So, I’ve been taking part in this To Be Read Challenge on the blog all year, and for the most part I’ve been doing pretty well keeping up to date. Until now that is: I’ve slipped a bit behind in my challenge reading over the summer months. My last post was in August (for the Book Thief) and I had taken a little vacation since then, but I got back on the project with what seemed like a sure-fire summer winner: a short memoir about the love of crossword puzzles. I had visions of long sunny afternoons in deck chairs, reading for half and working on puzzles for the other. Sadly, it didn’t work out that way: neither the weather nor the book co-operated.
My latest pick has the full title of: Pretty Girl in Crimson Rose (8): a memoir of love, exile, and crossword. The author, Sandy Balfour, is a British journalist and crossword fan. And we’re not talking regular crosswords here, we’re talking cryptic ones (the title of the books itself is a cryptic crossword clue*). I first heard of this book a number of years ago when a friend was reading it. I have always been intrigued by the newspaper cryptic crosswords, which are thoroughly baffling to me. I read the clues, can’t imagine what the answer might be, and then read the answer and can’t imagine how it makes sense.
I came to Pretty Girl in Crimson Rose, hoping for a book that would tell me a story and, at the same time, teach me how to do the cryptic crossword, but I quickly found out that wasn’t what this book is about. The author talks about his passion for crosswords, but he really seems to be talking to other people who are already passionate about crosswords (and more importantly, understand them). The story is filled with examples of clues that he has encountered over his time as a crossword fan: clues that have entertained, fascinated and delighted him. Sometimes they are explained, but infuriatingly, sometimes they are not!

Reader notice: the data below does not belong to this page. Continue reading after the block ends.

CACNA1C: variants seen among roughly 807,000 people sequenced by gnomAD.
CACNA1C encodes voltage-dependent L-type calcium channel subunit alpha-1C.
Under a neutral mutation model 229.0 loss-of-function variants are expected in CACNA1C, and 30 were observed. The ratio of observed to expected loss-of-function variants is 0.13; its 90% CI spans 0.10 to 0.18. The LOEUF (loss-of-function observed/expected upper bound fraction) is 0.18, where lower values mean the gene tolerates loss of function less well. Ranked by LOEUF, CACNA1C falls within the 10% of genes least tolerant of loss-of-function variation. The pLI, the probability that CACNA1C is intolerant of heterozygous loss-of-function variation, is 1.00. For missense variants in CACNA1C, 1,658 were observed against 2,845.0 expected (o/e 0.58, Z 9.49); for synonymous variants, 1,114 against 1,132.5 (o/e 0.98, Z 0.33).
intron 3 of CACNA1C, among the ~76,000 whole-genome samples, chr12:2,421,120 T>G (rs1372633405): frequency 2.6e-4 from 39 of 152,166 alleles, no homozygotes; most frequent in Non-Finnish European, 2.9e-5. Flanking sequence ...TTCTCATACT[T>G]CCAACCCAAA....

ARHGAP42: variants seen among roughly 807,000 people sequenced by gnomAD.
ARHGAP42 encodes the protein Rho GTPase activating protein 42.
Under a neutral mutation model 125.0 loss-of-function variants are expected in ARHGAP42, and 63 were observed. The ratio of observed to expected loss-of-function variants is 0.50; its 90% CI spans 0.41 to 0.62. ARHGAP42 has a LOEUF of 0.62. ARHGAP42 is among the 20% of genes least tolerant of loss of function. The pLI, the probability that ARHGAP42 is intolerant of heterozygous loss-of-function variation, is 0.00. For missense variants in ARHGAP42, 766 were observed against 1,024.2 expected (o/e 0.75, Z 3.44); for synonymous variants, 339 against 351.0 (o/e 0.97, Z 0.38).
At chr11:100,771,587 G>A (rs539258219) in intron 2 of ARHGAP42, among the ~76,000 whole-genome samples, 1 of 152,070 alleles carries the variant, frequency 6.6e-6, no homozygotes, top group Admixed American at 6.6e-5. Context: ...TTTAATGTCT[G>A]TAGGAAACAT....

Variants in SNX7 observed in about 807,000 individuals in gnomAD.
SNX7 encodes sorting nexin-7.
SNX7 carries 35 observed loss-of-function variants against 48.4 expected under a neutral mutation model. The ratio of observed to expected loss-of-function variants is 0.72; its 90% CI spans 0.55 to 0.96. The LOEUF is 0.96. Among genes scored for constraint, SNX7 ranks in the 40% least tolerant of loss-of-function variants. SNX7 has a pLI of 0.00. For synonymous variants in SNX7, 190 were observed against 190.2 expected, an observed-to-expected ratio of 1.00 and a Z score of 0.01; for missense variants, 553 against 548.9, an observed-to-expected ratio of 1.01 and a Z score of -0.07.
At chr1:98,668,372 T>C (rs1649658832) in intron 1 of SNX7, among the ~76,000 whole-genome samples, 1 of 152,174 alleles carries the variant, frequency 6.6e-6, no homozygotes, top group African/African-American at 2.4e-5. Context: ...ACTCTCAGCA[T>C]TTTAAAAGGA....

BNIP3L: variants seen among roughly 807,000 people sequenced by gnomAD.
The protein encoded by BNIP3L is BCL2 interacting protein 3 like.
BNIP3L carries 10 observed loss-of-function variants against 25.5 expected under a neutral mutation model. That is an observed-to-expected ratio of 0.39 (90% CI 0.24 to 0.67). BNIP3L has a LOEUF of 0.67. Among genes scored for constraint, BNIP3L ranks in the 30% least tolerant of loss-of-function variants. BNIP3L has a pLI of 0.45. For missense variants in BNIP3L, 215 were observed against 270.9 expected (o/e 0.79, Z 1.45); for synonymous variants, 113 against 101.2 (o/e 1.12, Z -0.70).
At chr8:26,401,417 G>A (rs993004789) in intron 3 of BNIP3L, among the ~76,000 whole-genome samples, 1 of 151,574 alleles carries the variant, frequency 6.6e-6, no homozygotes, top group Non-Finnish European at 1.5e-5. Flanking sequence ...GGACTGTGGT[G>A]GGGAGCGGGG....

The memoir aspect of the book was interesting, but like the crossword aspect, it felt like a bit of a mystery. Balfour, originally from South Africa, but living in the UK now for several decades, talks about the UK and South Africa, the politics of Apartheid and the experience of being a immigrant: but he does so from the position of a person who is very comfortable with those topics, and I didn’t feel that he fleshed them out enough for someone who wasn’t already familiar with them. There were parts of the book I enjoyed: having lived in the UK myself, I could relate to the parts when he talked about UK culture. My favourite parts of the book were ones where he talked to crossword setters: an eccentric lot of folks who actually create these baffling puzzles.
I feel like this book would be a good read for someone who is already a capable crossword puzzler, and who enjoys a light memoir from an affable writer. Surprisingly, this book isn’t the only crossword memoir found in the library collection:
Interested readers might also want to investigate Zen and the Art of Crossword Puzzles : a journey down and across by Nikki Katz.
There is also the history of crosswords in From Square One : a meditation, with digressions, on crosswords by Dean Olsher.
In the meantime, I’m waiting for the on order book How to Master the Times Crossword by Tim Moorey to arrive at the library, and hopefully give me a few more clues.
* For the clue “Pretty Girl in Crimson Rose (8)” the answer is “rebelled”. In eight letters a word that means “pretty girl” (belle) that falls within a word for “crimson” (red) that gives the meaning of rose (ie. to have risen up). Or that’s what I understand anyway.